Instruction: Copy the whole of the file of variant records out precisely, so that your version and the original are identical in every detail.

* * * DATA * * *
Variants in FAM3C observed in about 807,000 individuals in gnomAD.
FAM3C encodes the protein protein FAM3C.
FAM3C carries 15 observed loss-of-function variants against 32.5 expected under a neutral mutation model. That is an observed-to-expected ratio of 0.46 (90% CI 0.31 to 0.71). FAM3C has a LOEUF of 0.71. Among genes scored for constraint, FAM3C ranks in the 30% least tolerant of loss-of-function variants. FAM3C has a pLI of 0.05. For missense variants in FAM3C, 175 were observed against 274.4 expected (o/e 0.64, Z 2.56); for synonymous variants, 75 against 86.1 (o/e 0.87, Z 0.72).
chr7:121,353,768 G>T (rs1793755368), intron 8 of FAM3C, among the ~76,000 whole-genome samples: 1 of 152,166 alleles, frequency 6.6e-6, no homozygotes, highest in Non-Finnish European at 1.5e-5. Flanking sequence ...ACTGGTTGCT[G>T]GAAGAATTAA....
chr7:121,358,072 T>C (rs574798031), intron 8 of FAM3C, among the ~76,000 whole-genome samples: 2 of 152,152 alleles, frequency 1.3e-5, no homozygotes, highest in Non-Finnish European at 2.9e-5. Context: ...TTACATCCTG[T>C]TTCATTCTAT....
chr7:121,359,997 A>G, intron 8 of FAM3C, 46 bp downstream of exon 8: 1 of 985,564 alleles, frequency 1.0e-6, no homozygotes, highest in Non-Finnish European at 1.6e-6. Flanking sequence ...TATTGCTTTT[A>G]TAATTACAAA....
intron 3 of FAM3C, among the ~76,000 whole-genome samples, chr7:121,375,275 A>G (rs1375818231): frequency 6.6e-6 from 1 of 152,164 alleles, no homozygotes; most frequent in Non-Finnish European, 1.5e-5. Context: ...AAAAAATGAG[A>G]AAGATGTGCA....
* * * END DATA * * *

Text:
Variants in FAM3C observed in about 807,000 individuals in gnomAD.
FAM3C encodes the protein protein FAM3C.
FAM3C carries 15 observed loss-of-function variants against 32.5 expected under a neutral mutation model. That is an observed-to-expected ratio of 0.46 (90% CI 0.31 to 0.71). FAM3C has a LOEUF of 0.71. Among genes scored for constraint, FAM3C ranks in the 30% least tolerant of loss-of-function variants. FAM3C has a pLI of 0.05. For missense variants in FAM3C, 175 were observed against 274.4 expected (o/e 0.64, Z 2.56); for synonymous variants, 75 against 86.1 (o/e 0.87, Z 0.72).
chr7:121,353,768 G>T (rs1793755368), intron 8 of FAM3C, among the ~76,000 whole-genome samples: 1 of 152,166 alleles, frequency 6.6e-6, no homozygotes, highest in Non-Finnish European at 1.5e-5. Flanking sequence ...ACTGGTTGCT[G>T]GAAGAATTAA....
chr7:121,358,072 T>C (rs574798031), intron 8 of FAM3C, among the ~76,000 whole-genome samples: 2 of 152,152 alleles, frequency 1.3e-5, no homozygotes, highest in Non-Finnish European at 2.9e-5. Context: ...TTACATCCTG[T>C]TTCATTCTAT....
chr7:121,359,997 A>G, intron 8 of FAM3C, 46 bp downstream of exon 8: 1 of 985,564 alleles, frequency 1.0e-6, no homozygotes, highest in Non-Finnish European at 1.6e-6. Flanking sequence ...TATTGCTTTT[A>G]TAATTACAAA....
intron 3 of FAM3C, among the ~76,000 whole-genome samples, chr7:121,375,275 A>G (rs1375818231): frequency 6.6e-6 from 1 of 152,164 alleles, no homozygotes; most frequent in Non-Finnish European, 1.5e-5. Context: ...AAAAAATGAG[A>G]AAGATGTGCA....